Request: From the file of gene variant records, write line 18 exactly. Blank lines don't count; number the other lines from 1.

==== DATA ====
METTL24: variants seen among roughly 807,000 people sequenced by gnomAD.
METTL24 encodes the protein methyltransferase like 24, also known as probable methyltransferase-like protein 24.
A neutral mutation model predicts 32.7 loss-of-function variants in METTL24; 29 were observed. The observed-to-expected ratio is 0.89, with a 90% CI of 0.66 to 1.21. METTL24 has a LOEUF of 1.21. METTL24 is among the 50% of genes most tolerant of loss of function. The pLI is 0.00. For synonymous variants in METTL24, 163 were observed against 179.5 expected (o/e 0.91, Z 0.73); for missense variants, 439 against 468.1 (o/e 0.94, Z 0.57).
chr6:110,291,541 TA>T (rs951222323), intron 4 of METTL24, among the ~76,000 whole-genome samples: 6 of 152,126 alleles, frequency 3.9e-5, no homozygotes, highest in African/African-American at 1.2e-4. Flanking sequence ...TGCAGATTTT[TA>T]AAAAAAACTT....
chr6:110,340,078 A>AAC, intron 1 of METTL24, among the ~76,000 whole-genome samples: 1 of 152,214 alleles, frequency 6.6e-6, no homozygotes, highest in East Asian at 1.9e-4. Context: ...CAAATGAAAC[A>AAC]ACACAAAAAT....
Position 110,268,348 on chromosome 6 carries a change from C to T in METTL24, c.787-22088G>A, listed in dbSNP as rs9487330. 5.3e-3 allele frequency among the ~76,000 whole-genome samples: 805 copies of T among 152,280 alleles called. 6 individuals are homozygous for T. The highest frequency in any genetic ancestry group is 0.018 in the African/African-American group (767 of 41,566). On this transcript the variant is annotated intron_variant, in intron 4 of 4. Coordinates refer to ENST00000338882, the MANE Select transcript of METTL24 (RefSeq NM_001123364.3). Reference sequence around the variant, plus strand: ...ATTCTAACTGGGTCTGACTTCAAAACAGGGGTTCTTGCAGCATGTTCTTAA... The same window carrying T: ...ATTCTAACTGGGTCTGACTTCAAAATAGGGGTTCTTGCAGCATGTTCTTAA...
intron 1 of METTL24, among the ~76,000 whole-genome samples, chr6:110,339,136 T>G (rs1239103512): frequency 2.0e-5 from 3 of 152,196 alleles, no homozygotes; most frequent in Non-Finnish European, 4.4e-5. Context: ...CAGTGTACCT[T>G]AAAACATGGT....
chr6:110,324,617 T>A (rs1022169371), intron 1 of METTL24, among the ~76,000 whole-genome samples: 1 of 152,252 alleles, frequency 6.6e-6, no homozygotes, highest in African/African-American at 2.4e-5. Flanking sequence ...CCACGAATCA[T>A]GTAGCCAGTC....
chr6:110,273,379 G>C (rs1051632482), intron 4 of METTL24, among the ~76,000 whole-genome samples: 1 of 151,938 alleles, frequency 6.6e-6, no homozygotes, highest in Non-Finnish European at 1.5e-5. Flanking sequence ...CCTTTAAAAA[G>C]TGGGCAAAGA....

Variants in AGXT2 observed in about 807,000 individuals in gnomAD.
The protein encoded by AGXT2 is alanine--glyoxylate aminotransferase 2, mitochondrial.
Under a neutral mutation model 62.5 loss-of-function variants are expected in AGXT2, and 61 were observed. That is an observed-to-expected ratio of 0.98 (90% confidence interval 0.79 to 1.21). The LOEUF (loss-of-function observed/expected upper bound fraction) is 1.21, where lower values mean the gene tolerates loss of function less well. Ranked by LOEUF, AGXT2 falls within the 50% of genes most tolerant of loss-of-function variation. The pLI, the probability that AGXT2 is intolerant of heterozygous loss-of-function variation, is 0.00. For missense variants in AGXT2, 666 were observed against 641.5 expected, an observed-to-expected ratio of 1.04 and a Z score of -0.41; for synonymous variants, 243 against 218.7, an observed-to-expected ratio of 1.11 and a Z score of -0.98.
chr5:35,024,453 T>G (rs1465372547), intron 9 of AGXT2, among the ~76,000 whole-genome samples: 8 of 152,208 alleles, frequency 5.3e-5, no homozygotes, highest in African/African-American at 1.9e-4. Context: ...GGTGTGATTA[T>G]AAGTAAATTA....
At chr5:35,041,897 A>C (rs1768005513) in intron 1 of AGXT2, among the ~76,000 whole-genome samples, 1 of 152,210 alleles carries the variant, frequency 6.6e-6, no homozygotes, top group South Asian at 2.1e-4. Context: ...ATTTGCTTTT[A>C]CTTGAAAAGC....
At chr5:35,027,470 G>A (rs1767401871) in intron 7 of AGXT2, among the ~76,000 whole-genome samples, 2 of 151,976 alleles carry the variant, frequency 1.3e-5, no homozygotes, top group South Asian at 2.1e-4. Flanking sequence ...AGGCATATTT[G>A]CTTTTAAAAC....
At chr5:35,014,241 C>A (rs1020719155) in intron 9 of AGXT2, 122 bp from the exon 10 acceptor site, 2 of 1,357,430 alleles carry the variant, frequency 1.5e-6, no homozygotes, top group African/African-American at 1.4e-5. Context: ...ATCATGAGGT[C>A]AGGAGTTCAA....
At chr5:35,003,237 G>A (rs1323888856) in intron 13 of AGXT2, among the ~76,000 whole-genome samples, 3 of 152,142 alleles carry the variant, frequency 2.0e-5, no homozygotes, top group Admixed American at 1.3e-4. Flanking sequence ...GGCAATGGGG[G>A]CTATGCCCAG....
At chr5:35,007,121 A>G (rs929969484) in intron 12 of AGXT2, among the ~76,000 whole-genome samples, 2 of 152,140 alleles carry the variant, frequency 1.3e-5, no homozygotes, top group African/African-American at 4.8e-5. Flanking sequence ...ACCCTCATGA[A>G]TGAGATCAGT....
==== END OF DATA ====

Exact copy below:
At chr5:35,007,121 A>G (rs929969484) in intron 12 of AGXT2, among the ~76,000 whole-genome samples, 2 of 152,140 alleles carry the variant, frequency 1.3e-5, no homozygotes, top group African/African-American at 4.8e-5. Flanking sequence ...ACCCTCATGA[A>G]TGAGATCAGT....